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Casanova meets Dracula — eventually — in Albert Serra‘s The Story of My Death (Historia de la meva mort), a fanciful project that’s tantalizing on paper but largely DOA on screen. The third ostentatiously patience-testing big-screen feature by shrewdly provocative Catalan writer-director Serra, after Don Quixote tale Honor of the Knights (2006) and biblical anti-drama Birdsong (2008), will enrapture his loyal fans among the critical and festival-programming communities while leaving most audiences bored, baffled and bemused. Theatrical prospects look very dim, though brief runs in spots like Paris, New York and London might well materialize.
The modish vampire angle and the Golden Leopard at Locarno — the first ever Spanish triumph in the event’s 66-year history — will help in terms of exposure, and a North American premiere in Toronto’s experimental Wavelengths section is already confirmed. But despite moments of cockeyed humor and occasional flashes of genuine inspiration, this 150-minute evocation of 18th century atmospheres is an enervating, embalmed affair. Indeed, in terms of 2013’s more “artistic” treatments of bloodsucker lore, The Story of My Death makes Jim Jarmusch‘s stylishy quirky Cannes competitor Only Lovers Left Alive look like Craig Moss‘s Twilight parody Breaking Wind.
The entrance of Count Dracula, who’s only identified as such in the closing credits, must be the most low-key in the entire cinematic history of that much-filmed character. Eighty minutes in, Serra shows two sitting by a riverbank — in broad daylight! — with their backs to the camera, one of them a raven-haired but elderly gentleman. As creepily incarnated by Serra regular Eliseu Huertas — a non-pro, like the rest of the cast — this Dracula, with his brooding visage and ample, severely swept-back locks, looks like a cross between a Russian Orthodox priest and Wallis Simpson.
Sluggish of movement and gloomy of temperament, Dracula is presented as the polar opposite to Casanova — the Venetian seducer whose chronicled his exploits in the posthumous bestseller The Story of My Life. An aged rake of lively sexual appetites, Casanova is entertainingly played by poet and cultural curator Vincenc Altaio, the goatish debauchee’s jaded decadence offset by a wacky, almost childish sense of humor.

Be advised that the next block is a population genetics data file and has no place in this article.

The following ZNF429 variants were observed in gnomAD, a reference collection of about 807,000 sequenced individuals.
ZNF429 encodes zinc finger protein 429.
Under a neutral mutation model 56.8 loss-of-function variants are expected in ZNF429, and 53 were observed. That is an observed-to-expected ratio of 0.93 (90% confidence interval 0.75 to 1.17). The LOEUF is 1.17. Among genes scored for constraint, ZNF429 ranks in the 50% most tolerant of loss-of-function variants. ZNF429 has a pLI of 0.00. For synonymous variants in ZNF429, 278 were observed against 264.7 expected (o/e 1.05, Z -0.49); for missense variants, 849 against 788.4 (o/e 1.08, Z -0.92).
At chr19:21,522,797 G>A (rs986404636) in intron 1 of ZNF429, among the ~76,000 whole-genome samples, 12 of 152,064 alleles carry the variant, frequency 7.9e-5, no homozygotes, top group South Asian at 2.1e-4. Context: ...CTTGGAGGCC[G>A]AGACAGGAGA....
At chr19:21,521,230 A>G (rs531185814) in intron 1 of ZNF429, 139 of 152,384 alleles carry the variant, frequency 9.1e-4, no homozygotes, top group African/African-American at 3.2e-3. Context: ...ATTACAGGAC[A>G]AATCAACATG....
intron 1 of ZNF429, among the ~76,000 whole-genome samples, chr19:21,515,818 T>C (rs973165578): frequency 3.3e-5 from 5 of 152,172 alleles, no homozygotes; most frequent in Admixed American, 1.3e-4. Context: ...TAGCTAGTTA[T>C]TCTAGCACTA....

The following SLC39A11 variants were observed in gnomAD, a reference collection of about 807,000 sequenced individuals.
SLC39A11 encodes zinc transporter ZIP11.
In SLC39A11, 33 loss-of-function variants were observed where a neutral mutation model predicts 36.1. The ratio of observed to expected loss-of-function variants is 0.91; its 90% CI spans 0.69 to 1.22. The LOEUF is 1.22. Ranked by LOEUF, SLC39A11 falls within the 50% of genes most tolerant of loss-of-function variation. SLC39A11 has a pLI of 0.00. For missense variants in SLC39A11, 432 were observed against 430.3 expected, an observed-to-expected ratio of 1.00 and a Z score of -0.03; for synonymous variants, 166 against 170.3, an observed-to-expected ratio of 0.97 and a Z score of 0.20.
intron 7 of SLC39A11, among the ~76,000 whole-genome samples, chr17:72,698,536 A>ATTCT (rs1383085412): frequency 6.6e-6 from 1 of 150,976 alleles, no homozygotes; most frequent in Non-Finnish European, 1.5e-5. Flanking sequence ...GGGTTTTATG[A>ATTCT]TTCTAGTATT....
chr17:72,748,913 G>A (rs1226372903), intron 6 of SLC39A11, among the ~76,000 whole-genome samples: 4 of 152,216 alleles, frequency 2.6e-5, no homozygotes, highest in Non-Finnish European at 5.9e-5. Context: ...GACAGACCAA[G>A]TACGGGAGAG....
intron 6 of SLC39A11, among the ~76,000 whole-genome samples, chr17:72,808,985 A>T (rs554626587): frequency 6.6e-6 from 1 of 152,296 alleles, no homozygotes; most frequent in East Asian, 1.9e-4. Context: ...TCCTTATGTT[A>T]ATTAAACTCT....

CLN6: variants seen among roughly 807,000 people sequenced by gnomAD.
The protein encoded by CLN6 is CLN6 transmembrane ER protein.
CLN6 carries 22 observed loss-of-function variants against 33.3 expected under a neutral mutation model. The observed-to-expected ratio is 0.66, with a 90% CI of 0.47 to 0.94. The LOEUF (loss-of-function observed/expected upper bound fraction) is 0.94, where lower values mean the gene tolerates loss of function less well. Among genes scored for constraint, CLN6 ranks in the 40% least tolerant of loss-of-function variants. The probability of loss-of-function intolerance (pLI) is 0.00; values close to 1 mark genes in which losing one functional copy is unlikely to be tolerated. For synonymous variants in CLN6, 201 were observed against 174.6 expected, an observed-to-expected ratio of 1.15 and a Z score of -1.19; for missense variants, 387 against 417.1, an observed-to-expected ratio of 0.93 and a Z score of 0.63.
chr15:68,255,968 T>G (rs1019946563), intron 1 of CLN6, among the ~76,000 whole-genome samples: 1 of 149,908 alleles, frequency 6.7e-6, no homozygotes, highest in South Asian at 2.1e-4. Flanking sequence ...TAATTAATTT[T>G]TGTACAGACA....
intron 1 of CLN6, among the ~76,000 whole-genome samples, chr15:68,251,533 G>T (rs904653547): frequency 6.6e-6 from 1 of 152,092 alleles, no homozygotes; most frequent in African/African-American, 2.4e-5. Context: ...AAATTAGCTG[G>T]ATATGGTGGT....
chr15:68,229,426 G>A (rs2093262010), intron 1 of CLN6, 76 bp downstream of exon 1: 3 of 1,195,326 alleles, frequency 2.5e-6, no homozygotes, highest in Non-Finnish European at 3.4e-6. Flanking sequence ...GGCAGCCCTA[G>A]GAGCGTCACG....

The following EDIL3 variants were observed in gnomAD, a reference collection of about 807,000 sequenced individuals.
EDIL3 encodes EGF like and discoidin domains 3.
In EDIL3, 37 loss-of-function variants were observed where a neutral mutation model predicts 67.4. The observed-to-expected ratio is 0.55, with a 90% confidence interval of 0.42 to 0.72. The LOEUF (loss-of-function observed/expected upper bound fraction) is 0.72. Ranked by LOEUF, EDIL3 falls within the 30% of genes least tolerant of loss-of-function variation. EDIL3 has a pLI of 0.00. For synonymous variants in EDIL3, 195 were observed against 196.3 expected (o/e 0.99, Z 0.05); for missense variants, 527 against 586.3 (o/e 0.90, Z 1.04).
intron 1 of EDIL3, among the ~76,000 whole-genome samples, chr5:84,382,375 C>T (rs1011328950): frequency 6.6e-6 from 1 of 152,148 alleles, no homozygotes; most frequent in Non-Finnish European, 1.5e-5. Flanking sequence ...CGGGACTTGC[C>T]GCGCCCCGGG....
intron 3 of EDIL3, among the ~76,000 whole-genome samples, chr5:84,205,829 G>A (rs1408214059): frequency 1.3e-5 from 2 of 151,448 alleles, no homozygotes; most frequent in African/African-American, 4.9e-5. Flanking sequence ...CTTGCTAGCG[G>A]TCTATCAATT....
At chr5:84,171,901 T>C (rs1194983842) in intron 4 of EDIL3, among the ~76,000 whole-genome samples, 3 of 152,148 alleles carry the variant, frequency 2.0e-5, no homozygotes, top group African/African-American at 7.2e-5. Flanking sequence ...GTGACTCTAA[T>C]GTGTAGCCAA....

After 45 minutes of static scene-setting in Switzerland, the “action” abruptly moves to the southern Carpathians, where Casanova and his entourage encounter a local squire and his beautiful daughters — lasses upon whom Dracula has his traditionally nefarious designs. But Serra is infinitely more concerned with evoking the mood, pace and artistic/philosophical crosscurrents of 19th century Europe than with anything so vulgar as narrative development, even if events do belatedly turn bloodily violent in the latter stages.
The majority of the film, however, consists of torpid interludes in which the characters lounge around, indoors and outdoors, exchanging Catalan dialogue that makes little attempt to capture the vocabulary or grammar of the period — in contrast to the convincingly lived-in production-design and costumes. Serra (who also edits) very occasionally delivers some kind of flourish that shows what he’s capable of when he bothers to rouse himself, especially during those few moments when he elects to embellish Jimmy Gimferrer‘s visuals with music (the score is co-credited to Ferran Font, Enric Junca, Joe Robinson and Marc Verdaguer).
Shooting on mid-grade video, Gimferrer apparently relies on either natural light or candle-light, but the images (which reportedly went through some kind of celluloid intermediate stage) are generally murky and become near-impenetrably so in the latter stages. By this point, however, many will have long since tired of a picture whose tone wanders between arid academic exercise and something close to parody of the more pretentious trends in current auteur cinema.
At least with the last most notable award-winning Catalan oddity, Sergio Caballero‘s Rotterdam-garlanded Finisterrae (2010), the director allowed the viewer in on the joke. And while Werner Herzog showed with his Nosferatu (1979) how Dracula can operate at the most rarefied art-film heights, Serra’s “succeeds” in leeching nearly all the blood out of this seemingly immortal myth.
Venue: Locarno Film Festival (International Competition)
Production companies: Andergaun Films, Capricci Films
Director/Screenwriter/Editor: Albert Serra
Cast: Vincenc Altaio, Lluis Serrat, Montse Triola, Eliseu Huertas, Clara Visa, Noelia Rodenas, Mike Landscape
Producers: Thierry Lounas, Albert Serra, Montse Triola
Director of photography: Jimmy Gimferrer
Production designers: Mihnea Mihailescu, Sebastian Vogler
Music: Ferran Font, Enric Junca, Joe Robinson, Marc Verdaguer
Sales: Capricci, Paris
No MPAA rating, 150 minutes
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